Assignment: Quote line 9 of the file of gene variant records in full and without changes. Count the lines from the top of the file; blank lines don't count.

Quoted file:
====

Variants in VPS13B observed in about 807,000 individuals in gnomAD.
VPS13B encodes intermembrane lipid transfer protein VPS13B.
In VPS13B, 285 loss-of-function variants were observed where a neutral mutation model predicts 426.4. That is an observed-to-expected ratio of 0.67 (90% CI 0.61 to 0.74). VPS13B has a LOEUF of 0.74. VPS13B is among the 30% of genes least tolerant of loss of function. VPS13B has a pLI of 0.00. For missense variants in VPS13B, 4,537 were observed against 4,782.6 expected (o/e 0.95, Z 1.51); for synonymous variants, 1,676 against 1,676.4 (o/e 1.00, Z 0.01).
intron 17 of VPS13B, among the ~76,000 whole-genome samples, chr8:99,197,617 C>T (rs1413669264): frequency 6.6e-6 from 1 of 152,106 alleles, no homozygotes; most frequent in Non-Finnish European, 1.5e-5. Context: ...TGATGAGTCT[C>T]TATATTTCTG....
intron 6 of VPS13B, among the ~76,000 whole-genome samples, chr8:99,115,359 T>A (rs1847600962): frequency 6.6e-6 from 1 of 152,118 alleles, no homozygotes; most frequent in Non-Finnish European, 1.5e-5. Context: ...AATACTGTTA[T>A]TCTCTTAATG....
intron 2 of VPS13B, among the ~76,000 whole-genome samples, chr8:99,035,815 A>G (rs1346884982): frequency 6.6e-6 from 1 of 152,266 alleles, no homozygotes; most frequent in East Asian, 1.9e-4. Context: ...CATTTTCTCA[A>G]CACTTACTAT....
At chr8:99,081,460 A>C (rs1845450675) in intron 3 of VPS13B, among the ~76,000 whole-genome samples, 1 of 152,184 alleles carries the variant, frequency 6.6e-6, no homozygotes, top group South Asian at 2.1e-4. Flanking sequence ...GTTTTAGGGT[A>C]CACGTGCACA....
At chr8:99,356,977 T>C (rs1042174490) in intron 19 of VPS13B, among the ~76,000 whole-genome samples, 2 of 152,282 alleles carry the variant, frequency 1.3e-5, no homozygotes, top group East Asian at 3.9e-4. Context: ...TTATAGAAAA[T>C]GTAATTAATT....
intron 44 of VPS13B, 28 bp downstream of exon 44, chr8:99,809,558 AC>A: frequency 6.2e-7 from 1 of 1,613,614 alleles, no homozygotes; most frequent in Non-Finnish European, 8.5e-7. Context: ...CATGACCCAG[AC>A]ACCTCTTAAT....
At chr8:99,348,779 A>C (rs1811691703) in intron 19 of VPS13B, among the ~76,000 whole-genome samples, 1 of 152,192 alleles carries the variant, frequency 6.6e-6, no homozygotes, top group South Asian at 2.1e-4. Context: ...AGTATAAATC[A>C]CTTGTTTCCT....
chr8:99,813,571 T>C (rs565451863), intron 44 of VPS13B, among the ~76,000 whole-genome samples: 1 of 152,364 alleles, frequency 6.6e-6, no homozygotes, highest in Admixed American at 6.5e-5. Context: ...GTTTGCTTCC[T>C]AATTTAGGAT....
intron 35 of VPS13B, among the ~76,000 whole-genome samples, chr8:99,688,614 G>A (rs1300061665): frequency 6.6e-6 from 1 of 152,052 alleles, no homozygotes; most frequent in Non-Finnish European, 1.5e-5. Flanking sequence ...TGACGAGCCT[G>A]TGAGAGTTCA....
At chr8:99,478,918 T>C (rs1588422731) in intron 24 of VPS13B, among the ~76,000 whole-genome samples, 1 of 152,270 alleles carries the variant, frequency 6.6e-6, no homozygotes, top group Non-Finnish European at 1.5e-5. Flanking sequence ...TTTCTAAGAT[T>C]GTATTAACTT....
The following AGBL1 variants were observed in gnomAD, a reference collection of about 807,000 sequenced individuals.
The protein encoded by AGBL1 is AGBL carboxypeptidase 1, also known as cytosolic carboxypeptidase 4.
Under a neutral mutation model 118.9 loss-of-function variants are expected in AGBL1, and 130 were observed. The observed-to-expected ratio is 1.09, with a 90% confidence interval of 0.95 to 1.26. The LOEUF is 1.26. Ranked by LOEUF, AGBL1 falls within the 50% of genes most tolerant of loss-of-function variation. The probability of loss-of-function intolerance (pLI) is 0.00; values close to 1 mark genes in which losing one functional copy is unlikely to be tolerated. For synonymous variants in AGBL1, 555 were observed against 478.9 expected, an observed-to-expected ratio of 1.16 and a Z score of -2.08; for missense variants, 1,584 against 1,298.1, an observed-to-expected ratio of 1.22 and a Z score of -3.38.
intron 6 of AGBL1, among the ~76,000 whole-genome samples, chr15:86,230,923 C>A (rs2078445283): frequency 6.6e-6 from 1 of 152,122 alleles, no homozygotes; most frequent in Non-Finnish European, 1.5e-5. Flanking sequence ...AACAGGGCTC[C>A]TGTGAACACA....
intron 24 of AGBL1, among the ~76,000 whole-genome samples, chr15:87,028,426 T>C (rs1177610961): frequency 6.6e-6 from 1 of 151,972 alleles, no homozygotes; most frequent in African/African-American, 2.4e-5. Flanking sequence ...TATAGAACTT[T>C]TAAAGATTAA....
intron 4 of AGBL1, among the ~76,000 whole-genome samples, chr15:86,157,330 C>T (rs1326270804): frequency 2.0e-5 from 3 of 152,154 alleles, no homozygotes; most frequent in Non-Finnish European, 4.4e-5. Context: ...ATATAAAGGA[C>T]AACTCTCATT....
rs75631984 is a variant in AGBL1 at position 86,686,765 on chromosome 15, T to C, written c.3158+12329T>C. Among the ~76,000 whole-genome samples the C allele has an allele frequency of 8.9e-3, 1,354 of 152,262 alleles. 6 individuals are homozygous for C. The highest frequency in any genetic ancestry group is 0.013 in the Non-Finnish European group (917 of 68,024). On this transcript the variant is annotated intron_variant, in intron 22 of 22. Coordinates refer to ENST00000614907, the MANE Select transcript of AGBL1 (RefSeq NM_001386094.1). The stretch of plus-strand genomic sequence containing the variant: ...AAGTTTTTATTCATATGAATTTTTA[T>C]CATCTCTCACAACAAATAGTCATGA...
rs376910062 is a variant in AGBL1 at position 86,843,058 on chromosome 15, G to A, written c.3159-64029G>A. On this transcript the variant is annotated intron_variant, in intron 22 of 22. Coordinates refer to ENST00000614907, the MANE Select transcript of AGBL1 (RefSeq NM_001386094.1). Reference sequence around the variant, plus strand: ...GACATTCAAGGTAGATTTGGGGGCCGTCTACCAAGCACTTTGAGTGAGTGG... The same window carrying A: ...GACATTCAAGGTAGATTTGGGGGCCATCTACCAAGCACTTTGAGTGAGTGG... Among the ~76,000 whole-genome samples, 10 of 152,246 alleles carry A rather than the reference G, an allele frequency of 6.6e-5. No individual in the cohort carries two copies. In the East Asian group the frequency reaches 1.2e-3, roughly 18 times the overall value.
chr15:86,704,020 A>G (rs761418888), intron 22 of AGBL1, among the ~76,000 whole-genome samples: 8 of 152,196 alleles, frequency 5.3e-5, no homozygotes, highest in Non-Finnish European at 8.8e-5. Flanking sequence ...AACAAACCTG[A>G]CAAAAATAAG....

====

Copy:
intron 44 of VPS13B, 28 bp downstream of exon 44, chr8:99,809,558 AC>A: frequency 6.2e-7 from 1 of 1,613,614 alleles, no homozygotes; most frequent in Non-Finnish European, 8.5e-7. Context: ...CATGACCCAG[AC>A]ACCTCTTAAT....